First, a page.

1 1Converting this procedure into manipulations of DNA molecules demands the use of DNA sequences that not only represent strings of 0s and 1s but also allow for carries and the extension of DNA strands to represent the answers. In their DNA addition algorithm, Guarnieri and Bancroft use special sequences that encode the number in a given position (0 or 1) and its position from the right.
+ 0 1
1 0 0
For example, the first digit in the first position is given by two DNA strands, each consisting of a short sequence representing a "position transfer operator," which carries information to the adjacent position, a short sequence representing the value of the digit (0 or 1), and a short sequence representing a "position operator."
In their Science paper, Guarnieri, Bancroft, and Makiko Fliss supply DNA representations of all possible two-digit binary integers (00, 01, 10, 11), which can then be added in pairs. Adding such a pair involves four steps in which the appropriate complementary sequences link up and strands are successively extended to make new, longer strands, finally yielding the correct output.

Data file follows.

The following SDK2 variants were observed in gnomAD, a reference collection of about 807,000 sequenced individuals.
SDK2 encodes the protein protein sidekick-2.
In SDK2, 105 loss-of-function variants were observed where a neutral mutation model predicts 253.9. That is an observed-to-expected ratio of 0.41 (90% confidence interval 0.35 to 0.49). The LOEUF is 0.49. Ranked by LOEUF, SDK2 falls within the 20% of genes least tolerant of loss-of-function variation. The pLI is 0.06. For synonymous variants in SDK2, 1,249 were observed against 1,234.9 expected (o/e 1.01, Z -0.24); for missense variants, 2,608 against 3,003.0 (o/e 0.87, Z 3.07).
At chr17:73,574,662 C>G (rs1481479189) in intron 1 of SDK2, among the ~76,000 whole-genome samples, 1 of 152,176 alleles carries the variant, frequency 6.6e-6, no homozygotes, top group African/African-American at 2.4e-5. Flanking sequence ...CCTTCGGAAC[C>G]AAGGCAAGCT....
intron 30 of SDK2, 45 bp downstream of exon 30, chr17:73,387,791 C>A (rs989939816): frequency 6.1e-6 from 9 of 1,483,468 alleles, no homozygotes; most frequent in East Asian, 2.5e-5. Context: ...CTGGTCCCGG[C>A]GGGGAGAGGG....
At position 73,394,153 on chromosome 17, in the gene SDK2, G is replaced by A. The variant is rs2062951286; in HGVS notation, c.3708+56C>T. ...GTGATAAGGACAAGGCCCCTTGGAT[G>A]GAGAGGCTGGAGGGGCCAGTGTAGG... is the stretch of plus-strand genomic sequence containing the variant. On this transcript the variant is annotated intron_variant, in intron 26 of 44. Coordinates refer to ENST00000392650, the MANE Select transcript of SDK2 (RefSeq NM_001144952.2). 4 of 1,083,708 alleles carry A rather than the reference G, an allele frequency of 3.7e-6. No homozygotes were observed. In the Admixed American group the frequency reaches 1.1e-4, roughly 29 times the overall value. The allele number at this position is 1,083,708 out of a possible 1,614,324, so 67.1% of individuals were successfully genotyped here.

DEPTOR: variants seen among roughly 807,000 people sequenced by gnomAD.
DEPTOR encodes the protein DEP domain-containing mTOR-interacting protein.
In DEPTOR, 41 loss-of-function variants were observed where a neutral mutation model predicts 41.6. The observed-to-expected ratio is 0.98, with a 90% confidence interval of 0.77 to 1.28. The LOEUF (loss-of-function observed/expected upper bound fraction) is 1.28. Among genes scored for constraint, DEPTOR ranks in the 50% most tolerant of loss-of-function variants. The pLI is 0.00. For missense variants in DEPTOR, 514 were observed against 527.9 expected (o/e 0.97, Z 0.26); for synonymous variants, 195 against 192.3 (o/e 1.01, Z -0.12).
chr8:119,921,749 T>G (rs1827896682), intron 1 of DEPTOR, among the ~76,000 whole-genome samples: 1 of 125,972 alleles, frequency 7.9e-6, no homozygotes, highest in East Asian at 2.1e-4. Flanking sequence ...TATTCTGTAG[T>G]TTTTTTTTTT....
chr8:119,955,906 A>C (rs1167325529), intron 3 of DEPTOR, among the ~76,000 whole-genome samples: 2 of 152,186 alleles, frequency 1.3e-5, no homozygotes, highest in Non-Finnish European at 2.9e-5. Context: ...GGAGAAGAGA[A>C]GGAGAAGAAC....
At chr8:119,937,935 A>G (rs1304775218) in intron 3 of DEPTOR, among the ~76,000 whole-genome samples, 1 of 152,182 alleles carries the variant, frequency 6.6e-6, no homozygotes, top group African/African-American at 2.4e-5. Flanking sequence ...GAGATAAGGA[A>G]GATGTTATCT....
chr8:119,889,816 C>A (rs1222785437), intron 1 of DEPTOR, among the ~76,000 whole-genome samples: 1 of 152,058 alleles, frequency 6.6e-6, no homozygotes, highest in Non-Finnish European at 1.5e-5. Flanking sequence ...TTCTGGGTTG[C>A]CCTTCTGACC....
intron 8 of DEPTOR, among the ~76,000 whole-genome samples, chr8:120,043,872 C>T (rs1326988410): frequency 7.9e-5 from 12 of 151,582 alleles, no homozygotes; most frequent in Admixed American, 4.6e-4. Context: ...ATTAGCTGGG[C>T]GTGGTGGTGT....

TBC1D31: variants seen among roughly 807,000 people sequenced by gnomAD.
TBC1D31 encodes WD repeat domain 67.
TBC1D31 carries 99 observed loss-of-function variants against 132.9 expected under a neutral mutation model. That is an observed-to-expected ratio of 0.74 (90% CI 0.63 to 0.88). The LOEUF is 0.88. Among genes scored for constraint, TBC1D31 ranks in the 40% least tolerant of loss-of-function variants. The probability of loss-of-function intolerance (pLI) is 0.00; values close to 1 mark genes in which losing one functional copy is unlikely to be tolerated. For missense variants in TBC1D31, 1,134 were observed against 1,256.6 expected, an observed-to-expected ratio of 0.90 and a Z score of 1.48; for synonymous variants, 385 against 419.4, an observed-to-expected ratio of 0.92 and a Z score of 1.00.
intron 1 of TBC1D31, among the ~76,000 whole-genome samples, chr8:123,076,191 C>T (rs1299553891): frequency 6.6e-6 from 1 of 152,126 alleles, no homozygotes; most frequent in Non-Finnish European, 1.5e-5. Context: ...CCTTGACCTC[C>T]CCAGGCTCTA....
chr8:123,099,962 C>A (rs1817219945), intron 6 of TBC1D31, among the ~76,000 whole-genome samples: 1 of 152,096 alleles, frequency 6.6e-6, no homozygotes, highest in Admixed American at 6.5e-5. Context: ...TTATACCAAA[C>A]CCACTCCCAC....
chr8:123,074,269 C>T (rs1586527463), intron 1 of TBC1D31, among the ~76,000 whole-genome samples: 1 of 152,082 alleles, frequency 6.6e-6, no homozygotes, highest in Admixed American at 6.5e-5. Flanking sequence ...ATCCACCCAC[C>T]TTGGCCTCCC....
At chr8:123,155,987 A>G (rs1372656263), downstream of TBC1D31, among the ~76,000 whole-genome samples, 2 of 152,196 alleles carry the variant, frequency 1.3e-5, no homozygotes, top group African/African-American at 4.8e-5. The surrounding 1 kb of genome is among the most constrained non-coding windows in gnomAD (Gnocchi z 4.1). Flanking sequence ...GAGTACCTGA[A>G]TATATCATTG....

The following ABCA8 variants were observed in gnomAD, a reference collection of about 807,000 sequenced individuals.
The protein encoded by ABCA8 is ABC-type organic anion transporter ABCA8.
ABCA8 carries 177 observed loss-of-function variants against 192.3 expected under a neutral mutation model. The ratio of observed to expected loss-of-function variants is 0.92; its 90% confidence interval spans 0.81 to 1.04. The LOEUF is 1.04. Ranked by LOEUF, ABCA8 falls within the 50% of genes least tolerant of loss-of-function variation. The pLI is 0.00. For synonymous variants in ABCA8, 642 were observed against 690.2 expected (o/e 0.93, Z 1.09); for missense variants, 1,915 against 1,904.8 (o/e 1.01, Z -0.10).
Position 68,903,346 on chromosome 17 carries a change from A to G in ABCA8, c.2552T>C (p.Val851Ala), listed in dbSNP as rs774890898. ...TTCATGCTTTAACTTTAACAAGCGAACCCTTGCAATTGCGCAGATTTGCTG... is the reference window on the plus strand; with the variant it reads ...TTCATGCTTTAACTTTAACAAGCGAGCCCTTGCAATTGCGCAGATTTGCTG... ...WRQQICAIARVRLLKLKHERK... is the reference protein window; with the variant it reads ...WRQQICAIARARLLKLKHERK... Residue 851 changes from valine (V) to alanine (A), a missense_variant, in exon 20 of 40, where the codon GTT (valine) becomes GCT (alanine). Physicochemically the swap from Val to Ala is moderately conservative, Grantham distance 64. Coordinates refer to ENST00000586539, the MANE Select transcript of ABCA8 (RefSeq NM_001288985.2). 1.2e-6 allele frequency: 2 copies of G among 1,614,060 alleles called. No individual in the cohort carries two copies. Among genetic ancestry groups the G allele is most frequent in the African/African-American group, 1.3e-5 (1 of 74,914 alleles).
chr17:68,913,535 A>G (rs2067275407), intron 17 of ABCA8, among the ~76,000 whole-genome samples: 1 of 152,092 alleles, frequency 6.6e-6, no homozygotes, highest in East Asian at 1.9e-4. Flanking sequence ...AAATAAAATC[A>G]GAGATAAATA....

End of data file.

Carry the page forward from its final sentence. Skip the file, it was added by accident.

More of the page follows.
The researchers term this set of steps a horizontal chain reaction. Input DNA sequences serve as successive templates for constructing an extended result strand. Like a tape recording, the final strand encodes the outcomes of successive operations, yielding the digits of the answer in the correct order.